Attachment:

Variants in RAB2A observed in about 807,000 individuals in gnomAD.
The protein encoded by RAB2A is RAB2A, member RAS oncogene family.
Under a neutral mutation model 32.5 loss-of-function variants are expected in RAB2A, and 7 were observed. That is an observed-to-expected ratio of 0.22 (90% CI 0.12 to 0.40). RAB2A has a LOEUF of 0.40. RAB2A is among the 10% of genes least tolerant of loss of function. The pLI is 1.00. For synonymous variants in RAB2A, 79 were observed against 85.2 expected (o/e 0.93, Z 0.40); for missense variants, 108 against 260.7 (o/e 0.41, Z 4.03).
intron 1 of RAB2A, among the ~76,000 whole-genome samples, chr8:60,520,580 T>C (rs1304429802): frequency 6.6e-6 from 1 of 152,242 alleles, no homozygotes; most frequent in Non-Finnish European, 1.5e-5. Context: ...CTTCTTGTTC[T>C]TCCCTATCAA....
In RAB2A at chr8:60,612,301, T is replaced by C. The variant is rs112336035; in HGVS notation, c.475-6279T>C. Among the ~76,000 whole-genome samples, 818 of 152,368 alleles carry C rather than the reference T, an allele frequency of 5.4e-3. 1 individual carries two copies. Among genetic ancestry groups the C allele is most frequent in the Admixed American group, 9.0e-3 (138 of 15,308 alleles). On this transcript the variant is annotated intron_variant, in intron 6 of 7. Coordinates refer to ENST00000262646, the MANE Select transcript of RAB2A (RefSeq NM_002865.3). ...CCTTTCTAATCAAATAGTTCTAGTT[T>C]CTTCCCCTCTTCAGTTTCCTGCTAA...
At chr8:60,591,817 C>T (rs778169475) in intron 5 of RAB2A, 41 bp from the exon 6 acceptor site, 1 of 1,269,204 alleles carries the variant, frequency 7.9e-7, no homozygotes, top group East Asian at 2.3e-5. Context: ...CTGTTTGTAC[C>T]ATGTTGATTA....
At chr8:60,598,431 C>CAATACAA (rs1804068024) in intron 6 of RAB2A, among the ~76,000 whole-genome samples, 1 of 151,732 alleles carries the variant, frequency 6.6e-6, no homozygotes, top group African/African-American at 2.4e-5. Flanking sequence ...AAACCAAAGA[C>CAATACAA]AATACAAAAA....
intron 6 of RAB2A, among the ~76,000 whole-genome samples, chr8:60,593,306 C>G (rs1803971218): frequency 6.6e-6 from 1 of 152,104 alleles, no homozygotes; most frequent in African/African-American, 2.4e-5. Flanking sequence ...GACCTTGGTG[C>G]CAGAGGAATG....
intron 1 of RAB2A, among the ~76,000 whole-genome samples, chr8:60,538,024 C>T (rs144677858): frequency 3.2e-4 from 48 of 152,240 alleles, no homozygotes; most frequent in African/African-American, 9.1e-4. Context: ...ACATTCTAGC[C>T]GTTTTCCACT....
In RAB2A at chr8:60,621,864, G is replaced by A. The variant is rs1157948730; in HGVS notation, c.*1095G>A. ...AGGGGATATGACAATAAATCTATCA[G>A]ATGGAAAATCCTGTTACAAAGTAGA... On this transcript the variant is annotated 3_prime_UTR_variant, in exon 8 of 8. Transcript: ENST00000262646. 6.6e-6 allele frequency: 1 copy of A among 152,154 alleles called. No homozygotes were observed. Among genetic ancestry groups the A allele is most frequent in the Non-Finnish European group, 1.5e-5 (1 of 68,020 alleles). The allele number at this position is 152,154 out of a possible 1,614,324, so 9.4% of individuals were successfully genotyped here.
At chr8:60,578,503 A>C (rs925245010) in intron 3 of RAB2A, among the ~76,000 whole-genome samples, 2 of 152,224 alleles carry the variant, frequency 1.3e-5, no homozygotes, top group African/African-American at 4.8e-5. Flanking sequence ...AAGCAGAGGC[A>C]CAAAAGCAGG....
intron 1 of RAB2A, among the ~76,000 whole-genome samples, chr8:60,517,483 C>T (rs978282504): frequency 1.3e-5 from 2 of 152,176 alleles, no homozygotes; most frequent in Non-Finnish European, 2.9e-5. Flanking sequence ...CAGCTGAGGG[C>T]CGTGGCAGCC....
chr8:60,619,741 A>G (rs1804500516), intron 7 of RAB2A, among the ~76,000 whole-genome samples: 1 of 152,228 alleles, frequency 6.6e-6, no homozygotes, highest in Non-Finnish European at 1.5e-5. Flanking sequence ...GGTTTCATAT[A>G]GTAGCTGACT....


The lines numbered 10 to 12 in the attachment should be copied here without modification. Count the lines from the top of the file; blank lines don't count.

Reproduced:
In RAB2A at chr8:60,621,864, G is replaced by A. The variant is rs1157948730; in HGVS notation, c.*1095G>A. ...AGGGGATATGACAATAAATCTATCA[G>A]ATGGAAAATCCTGTTACAAAGTAGA... On this transcript the variant is annotated 3_prime_UTR_variant, in exon 8 of 8. Transcript: ENST00000262646. 6.6e-6 allele frequency: 1 copy of A among 152,154 alleles called. No homozygotes were observed. Among genetic ancestry groups the A allele is most frequent in the Non-Finnish European group, 1.5e-5 (1 of 68,020 alleles). The allele number at this position is 152,154 out of a possible 1,614,324, so 9.4% of individuals were successfully genotyped here.
At chr8:60,578,503 A>C (rs925245010) in intron 3 of RAB2A, among the ~76,000 whole-genome samples, 2 of 152,224 alleles carry the variant, frequency 1.3e-5, no homozygotes, top group African/African-American at 4.8e-5. Flanking sequence ...AAGCAGAGGC[A>C]CAAAAGCAGG....
intron 1 of RAB2A, among the ~76,000 whole-genome samples, chr8:60,517,483 C>T (rs978282504): frequency 1.3e-5 from 2 of 152,176 alleles, no homozygotes; most frequent in Non-Finnish European, 2.9e-5. Flanking sequence ...CAGCTGAGGG[C>T]CGTGGCAGCC....